Should voters have to present any other identification beyond a voter registration card when they show up at the ballot box? These cards do not have pictures, which means that, theoretically, anyone could show up with that registration card and vote. Because it takes time for county record keepers to purge the deceased from voter rolls, people could show up with the cards of others and cast illegal votes. To combat this, many have argued (mostly from the conservative side) that voters should also have to show a valid government-issued photo ID, such as a driver’s license, state-issued ID card or passport. From the left comes the argument that this additional requirement is meant to exclude potential voters who don’t have their identification or who can’t afford to keep it valid – in other words, these opponents view this requirement as something of a poll tax, which is unconstitutional. Because maintaining a government photo identification method of some kind is required by law, though, having to present it when voting protects the integrity of the process and, therefore, is a reasonable provision that should be law throughout the United States.
Point #1: Presenting a government-issued photo ID document reduces the risk of government fraud dramatically.
Sub-point #1: Past elections, most notably President Kennedy’s election in 1960, were skewed by the “votes” of citizens who turned out to be dead.
Sub-point #2: Voter fraud continues to be a concern, and in a democracy the accuracy of the vote should be the top priority of election administrators.
Point #2: Carrying a government-issued photo ID is already required by law.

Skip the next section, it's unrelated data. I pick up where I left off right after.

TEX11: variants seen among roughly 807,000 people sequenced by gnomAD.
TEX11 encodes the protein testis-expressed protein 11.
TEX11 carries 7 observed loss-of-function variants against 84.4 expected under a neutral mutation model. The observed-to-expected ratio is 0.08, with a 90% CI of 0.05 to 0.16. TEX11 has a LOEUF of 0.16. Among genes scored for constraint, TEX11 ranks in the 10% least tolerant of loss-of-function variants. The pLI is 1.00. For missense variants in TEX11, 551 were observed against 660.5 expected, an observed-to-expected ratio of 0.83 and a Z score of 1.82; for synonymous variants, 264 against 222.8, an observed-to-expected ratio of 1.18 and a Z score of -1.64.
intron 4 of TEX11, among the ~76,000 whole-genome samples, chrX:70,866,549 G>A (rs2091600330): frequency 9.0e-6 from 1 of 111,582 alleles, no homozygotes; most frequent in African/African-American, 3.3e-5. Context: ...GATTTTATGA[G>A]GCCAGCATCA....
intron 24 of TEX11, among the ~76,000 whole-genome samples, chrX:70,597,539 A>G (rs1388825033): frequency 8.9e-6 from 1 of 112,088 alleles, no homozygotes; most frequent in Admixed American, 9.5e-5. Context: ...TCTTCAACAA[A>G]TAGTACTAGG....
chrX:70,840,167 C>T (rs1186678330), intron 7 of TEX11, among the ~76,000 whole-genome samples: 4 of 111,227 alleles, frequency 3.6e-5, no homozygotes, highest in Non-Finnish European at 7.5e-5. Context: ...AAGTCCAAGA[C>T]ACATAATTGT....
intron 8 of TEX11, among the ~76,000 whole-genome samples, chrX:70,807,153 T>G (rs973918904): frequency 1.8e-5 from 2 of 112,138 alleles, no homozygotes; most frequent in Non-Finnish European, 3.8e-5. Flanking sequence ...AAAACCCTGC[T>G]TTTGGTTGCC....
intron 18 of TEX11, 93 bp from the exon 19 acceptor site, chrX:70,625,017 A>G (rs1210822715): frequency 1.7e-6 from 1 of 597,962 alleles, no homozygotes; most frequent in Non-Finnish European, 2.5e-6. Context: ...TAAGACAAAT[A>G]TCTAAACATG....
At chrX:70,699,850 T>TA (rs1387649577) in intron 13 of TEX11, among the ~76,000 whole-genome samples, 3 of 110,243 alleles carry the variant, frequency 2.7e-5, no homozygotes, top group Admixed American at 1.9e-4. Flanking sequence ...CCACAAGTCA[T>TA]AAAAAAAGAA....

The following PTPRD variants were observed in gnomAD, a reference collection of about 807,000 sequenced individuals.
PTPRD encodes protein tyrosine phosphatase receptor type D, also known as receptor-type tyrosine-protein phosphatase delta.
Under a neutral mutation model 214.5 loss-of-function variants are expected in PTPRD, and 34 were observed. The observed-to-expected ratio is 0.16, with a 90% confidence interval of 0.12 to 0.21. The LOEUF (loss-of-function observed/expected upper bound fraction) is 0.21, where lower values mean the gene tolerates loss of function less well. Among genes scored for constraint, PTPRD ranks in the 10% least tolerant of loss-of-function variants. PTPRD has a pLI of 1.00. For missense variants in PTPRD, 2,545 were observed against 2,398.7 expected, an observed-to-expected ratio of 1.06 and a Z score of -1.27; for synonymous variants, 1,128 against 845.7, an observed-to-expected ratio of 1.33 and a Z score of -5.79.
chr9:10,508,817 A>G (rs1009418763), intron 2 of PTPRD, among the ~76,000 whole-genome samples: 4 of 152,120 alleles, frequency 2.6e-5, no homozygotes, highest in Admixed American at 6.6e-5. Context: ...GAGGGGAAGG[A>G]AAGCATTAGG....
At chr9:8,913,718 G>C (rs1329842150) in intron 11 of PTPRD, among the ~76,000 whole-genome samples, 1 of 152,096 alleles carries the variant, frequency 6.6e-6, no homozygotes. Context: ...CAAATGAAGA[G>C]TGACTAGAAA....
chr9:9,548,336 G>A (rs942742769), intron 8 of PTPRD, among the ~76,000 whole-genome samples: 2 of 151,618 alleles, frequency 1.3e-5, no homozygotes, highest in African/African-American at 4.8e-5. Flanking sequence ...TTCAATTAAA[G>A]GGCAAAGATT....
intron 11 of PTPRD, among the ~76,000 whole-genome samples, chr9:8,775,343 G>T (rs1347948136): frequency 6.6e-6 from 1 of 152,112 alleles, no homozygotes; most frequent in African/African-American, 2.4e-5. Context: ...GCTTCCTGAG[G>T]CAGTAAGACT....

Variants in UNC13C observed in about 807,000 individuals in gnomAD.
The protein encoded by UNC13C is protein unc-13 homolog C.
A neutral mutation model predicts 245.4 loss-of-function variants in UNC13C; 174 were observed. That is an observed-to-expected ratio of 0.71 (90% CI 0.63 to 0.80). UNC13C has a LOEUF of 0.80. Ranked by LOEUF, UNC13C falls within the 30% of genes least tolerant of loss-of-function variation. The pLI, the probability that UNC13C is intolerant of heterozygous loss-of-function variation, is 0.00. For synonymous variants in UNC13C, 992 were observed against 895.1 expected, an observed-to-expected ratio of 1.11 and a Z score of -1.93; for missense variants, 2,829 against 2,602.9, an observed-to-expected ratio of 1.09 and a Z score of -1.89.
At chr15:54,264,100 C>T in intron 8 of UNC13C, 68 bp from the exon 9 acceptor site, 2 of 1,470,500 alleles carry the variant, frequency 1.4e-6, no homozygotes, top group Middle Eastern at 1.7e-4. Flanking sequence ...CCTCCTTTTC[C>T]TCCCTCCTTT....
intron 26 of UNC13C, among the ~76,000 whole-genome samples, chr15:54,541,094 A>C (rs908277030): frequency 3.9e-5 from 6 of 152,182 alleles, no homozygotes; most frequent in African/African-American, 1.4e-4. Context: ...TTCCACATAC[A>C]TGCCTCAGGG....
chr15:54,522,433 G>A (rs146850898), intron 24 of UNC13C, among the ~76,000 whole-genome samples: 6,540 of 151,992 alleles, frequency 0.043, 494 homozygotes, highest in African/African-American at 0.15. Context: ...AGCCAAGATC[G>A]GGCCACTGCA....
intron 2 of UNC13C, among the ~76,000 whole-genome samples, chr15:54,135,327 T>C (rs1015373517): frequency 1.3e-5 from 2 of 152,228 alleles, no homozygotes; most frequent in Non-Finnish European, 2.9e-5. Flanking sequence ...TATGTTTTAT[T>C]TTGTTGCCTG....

Sub-point #1: Driving without a license on hand is a ticketable offense and can lead to impound of the vehicle in some locations.
Sub-point #2: At any time, police may ask people for identification, and failure to produce identification is a crime.
Point #3: Requiring a government-issued photo ID does not constitute a “poll tax.”
Sub-point #1: Carrying an ID is already a requirement, so asking people to remember it on Election Day does not represent an additional cost.
Sub-point #2: Poll taxes were specifically instituted in parts of the country where the additional fee would keep people away from the polls; voter ID laws are being passed throughout the country, in diverse areas.
While we still have a long way to go in the eradication of racial prejudice in the United States, asking all voters to carry and present photo identification at the ballot box is not racist and is not aimed to keep the poor from voting. If you are already required to carry your identification with you, there should not be a reason for not wanting to present it when you vote, as you already have to give your name, on your voter registration card. The Presidential election of 2000, many would argue, came down to the inability of the state of Florida’s election commission to accurately count the votes that had been cast. In a form of government where so much is determined by the vote, it is vital that our government devise ways to make voting convenient – and accurate. There are plenty of countries in the world where voter fraud and election irregularities run rampant; as the banner of democracy in the world, it is the job of the United States to lead in the area of election accuracy, as well.